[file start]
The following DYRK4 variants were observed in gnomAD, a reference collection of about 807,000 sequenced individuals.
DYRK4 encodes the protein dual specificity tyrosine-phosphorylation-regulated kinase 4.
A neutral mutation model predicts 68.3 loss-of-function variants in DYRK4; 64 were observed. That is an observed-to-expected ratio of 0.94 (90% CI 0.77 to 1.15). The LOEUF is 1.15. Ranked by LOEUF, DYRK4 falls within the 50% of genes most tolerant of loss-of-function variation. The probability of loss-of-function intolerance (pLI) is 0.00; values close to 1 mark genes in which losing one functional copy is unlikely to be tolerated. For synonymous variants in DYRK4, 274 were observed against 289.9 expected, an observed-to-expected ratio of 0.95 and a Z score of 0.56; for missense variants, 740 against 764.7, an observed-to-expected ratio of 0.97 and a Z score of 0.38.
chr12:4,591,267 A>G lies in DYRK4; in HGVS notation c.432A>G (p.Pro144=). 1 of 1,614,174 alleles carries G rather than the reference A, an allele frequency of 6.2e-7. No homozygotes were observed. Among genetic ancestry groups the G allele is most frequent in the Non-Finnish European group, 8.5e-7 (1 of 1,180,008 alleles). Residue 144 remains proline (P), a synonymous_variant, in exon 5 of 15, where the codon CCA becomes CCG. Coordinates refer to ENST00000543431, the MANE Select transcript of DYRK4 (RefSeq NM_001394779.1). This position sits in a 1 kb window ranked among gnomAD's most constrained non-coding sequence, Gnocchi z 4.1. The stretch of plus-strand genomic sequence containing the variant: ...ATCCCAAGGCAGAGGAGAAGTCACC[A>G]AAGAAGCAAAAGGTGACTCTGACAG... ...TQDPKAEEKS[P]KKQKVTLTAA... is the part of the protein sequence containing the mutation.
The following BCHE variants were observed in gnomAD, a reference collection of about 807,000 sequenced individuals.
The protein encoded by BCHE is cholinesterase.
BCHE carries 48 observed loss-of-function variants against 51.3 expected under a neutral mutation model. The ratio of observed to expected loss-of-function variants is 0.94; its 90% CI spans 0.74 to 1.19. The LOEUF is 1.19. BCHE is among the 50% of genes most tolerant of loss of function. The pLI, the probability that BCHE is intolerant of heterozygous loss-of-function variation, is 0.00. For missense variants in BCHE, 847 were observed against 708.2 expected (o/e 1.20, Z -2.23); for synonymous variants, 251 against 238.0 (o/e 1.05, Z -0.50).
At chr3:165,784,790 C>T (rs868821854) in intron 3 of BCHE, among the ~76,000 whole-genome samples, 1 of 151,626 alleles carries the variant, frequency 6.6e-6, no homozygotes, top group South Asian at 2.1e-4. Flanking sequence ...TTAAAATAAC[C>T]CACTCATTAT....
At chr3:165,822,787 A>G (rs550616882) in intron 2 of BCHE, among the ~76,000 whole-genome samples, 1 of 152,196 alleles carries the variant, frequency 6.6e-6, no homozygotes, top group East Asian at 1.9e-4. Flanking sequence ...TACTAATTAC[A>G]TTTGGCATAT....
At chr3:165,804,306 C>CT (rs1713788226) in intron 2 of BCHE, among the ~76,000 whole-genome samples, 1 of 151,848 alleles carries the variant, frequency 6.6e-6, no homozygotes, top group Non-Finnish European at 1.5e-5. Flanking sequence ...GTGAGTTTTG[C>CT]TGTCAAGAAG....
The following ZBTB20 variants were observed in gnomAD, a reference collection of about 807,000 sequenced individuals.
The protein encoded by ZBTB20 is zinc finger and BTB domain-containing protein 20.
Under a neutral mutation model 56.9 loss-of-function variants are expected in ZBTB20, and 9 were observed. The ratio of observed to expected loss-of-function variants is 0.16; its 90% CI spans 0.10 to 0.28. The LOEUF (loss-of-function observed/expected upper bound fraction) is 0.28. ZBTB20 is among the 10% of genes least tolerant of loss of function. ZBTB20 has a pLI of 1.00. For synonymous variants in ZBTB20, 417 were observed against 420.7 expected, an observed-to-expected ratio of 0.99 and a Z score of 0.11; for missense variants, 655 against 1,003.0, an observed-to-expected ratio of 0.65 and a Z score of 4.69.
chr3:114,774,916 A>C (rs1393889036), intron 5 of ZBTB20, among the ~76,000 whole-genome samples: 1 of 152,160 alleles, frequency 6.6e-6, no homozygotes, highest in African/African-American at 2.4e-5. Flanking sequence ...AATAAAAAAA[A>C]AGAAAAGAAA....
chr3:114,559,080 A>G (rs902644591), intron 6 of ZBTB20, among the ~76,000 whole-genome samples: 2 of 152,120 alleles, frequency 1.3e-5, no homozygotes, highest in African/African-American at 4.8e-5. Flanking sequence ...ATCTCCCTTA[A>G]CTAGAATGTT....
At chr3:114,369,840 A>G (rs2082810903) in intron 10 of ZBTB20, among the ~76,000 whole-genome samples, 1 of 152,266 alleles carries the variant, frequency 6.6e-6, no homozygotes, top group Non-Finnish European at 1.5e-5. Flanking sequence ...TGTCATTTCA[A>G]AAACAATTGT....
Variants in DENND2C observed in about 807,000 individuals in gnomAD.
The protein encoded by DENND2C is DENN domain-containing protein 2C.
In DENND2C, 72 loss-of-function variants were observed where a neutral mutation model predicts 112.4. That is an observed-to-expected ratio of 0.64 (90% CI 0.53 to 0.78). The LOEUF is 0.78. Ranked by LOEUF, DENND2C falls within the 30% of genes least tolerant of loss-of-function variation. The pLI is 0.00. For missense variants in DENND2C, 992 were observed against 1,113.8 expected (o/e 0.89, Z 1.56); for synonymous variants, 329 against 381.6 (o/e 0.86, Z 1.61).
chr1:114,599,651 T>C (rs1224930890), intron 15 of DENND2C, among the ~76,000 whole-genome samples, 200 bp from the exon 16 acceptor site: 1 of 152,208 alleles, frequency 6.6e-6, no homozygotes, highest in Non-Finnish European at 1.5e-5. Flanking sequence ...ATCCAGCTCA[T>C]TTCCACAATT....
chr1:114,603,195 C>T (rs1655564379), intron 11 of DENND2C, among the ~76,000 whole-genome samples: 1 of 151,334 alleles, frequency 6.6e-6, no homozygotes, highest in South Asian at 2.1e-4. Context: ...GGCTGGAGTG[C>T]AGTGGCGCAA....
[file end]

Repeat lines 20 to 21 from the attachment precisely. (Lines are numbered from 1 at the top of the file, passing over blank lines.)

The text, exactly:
chr1:114,599,651 T>C (rs1224930890), intron 15 of DENND2C, among the ~76,000 whole-genome samples, 200 bp from the exon 16 acceptor site: 1 of 152,208 alleles, frequency 6.6e-6, no homozygotes, highest in Non-Finnish European at 1.5e-5. Flanking sequence ...ATCCAGCTCA[T>C]TTCCACAATT....
chr1:114,603,195 C>T (rs1655564379), intron 11 of DENND2C, among the ~76,000 whole-genome samples: 1 of 151,334 alleles, frequency 6.6e-6, no homozygotes, highest in South Asian at 2.1e-4. Context: ...GGCTGGAGTG[C>T]AGTGGCGCAA....